Arrabah
Arraba, , a Palestinian village in the northern West Bank located 13 kilometers southwest of Jenin. The village is 350 meters above sea level and lies near Sahl Arrabah, a plain that lies between Mount Carmel and Nablus...

 worked closely with Fawzi al-Qawukji during 1936 but later defected to the British authorities. He bargained for a pardon by offering to collaborate with the British on countering rebel propaganda. Once on the payroll of the British consul in Damascus (Gilbert Mackereth
Gilbert Mackereth
Sir Gilbert Mackereth KCMG MC was a decorated British Army officer of the First World War who subsequently served as a British diplomat, most notably as Ambassador to Colombia from 1947 to 1953....

) he carried out many attacks against the rebels in 1938–1939 as leader of his own "peace band".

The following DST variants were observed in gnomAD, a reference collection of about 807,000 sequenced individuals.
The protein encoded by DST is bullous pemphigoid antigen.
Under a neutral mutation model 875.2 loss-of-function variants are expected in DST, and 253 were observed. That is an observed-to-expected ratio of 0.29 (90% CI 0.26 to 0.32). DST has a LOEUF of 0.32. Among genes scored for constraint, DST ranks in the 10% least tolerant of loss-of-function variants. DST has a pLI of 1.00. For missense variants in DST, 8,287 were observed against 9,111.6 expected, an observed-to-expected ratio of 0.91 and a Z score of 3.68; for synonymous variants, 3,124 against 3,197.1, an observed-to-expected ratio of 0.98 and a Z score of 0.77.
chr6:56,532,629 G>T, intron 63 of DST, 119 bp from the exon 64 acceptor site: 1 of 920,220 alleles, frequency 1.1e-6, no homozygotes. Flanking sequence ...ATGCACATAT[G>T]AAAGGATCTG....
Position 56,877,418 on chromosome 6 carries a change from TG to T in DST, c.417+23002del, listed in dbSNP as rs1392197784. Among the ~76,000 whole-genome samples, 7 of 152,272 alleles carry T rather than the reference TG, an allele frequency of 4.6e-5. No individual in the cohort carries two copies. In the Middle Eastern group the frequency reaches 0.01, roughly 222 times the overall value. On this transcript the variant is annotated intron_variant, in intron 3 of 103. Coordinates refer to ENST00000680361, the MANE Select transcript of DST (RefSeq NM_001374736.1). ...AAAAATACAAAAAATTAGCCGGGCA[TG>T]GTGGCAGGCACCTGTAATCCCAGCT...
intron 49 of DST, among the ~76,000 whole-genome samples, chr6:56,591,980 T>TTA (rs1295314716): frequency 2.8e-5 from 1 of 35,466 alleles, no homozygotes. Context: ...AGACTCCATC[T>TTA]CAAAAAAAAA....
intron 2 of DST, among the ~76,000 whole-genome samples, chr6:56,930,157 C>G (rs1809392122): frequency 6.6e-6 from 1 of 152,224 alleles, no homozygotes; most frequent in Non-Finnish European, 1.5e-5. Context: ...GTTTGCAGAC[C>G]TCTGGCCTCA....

Abdul Rahim al Hajj Mohammed ('Abd al-Rahim al-Hajj Muhammad) in the Tulkarm
Tulkarm
Tulkarem or Tulkarm is a Palestinian city in the northern Samarian mountain range in the Tulkarm Governorate in the extreme northwestern West Bank adjacent to the Netanya and Haifa districts to the west, the Nablus and Jenin Districts to the east...

 area was a deeply religious, intellectual man and as a fervent anti-Zionist was deeply committed to the revolt. He was regarded second to Qawukji in terms of leadership ability and maintained his independence from the exiled rebel leadership in Damascus. He is still related by Palestinian Arabs as a hero and martyr and is regarded as a metonym "for a national movement that was popular, honourable, religious, and lofty in its aims and actions." He was shot by an army patrol near Sanur on 27 March 1939.
Aref Abdul Razzik (Arif 'Abd al-Raziq) of Tayibe
Tayibe
Tayibe is an Israeli Arab city in central Israel, 12 kilometers east of Kfar Saba. In 2007, it had a population of 36,800. Tayibe is part of the Triangle.-History:...